[Nikudofu Made in a Frying Pan]
From fried eggs to pancakes, Japanese fried chicken to dumplings, hamburgers, sautéed meat and teokbokki, the frying pan, a masterpiece by Rikucho Ogasawara, is always in our hands at least once a day. If you were to ask me which piece of cookware is the most versatile and easy to use, this frying pan would be the one I would choose without a doubt. If you were to ask me which cookware is the most versatile and easy-to-use, I would definitely say this frying pan.
The kitchen of our townhouse in Kyoto was many times colder than usual due to the arrival of the strongest cold wave. It was so cold that I decided to make nikudofu (meat and tofu), hoping to find a dish that would bring warmth to the kitchen right from the cooking stage. Nikudofu is one of Kyoto's local dishes consisting of beef, tofu, and green onions simmered in a sukiyaki-style seasoning, but upon further research, I found that there are many variations of the recipe.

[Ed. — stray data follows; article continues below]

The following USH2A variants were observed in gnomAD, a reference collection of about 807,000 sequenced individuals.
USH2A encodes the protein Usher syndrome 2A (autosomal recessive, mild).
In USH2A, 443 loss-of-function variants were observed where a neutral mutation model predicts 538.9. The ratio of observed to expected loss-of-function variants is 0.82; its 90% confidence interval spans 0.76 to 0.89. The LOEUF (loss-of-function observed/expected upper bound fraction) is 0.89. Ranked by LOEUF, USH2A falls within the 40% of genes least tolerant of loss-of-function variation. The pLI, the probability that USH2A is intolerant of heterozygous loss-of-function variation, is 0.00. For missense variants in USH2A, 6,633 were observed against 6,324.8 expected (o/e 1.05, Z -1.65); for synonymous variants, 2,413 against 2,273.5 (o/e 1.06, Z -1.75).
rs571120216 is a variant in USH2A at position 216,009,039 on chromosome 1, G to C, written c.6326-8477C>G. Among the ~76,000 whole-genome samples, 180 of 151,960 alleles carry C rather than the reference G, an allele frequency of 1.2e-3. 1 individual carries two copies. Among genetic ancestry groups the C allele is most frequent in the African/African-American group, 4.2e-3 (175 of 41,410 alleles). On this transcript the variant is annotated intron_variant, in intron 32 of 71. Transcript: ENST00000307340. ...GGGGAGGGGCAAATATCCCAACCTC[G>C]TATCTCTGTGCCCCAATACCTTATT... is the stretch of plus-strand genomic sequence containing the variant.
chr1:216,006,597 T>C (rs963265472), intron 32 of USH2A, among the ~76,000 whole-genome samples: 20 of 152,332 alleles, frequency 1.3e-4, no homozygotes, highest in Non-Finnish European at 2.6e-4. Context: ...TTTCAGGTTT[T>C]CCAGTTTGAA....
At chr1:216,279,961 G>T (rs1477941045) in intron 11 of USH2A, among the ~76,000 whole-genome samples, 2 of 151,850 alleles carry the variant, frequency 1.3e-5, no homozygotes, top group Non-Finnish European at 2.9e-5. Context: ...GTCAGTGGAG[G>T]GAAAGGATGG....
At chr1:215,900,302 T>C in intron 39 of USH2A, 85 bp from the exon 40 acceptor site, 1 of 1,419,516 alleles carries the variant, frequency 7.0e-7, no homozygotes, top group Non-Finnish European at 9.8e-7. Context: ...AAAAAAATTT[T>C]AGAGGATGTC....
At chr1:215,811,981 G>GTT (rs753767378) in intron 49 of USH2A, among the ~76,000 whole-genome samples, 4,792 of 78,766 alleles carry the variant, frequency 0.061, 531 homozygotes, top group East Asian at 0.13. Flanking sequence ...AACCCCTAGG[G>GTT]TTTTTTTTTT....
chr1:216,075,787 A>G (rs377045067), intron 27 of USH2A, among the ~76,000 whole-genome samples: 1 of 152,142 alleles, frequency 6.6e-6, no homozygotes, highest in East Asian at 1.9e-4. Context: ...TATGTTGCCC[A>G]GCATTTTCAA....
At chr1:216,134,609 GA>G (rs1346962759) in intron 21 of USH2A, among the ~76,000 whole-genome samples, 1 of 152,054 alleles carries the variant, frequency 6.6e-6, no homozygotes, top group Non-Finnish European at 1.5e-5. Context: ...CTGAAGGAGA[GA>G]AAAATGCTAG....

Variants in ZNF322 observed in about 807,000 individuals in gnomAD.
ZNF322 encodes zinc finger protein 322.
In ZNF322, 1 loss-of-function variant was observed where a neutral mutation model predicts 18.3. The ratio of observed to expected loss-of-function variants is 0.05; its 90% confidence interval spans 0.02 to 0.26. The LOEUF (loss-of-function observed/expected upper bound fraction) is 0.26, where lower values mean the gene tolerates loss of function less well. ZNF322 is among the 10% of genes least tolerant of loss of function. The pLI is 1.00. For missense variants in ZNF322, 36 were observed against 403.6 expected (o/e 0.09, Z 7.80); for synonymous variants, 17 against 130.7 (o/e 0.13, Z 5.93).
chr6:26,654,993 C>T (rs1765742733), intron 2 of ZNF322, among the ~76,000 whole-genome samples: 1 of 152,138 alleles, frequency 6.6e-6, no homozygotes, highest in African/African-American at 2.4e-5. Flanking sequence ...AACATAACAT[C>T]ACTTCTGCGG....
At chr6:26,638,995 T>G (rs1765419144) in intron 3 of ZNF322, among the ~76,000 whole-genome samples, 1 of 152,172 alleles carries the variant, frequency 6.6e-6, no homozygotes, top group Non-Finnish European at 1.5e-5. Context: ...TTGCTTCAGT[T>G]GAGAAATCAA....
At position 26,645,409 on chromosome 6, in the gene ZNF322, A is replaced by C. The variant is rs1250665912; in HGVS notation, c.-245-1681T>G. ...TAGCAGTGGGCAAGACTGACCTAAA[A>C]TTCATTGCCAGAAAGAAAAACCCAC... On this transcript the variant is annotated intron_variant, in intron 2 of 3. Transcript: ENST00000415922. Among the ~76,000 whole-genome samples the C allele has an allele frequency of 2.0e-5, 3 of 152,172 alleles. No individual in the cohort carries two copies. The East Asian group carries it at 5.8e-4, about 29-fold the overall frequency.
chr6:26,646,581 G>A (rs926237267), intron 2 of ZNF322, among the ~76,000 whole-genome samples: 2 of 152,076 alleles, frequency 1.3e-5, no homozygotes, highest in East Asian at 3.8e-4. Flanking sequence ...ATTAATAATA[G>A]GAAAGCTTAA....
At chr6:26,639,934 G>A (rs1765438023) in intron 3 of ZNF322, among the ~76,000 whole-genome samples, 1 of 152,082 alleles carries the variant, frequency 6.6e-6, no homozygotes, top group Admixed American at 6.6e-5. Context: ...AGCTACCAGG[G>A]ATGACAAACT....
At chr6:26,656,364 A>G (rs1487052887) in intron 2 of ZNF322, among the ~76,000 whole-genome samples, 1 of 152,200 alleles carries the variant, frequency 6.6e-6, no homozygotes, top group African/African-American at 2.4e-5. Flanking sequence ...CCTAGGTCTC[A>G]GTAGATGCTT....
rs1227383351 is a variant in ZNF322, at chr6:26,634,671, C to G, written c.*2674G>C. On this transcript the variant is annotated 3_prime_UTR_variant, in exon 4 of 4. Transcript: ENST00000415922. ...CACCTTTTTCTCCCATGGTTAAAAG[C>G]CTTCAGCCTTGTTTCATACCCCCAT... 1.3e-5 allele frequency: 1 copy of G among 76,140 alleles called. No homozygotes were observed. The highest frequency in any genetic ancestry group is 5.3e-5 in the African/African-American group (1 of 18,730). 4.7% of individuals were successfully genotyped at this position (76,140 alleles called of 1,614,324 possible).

Using firm tofu, onions, pork, and garland chrysanthemum found in the refrigerator, "pork nikudofu" is a dish that can be made quickly when you have a little extra food. Simply add the ingredients in order of hard-to-cook ingredients and simmer in a seasoning solution of sugar, mirin, sake, and soy sauce. The small but deep pan is great for small stewed dishes. There is no lid included, but the Kiya’s Drop Lid 180mm fits perfectly, so you won't have any trouble when you need a lid.
While simmering the tofu, I sometimes pour some of the liquid over the surface of the tofu with a spoon while waiting for the tofu to be ready, and I feel as if the cold has eased off. Please bring it to the table while it is still hot and enjoy it while it cools down. Be careful not to burn yourself!
Rikucho Ogasawara's Frying Pan
Kiya’s Drop Lid 180mm
Honma Kazuo Shoten's Straw Pot Stand M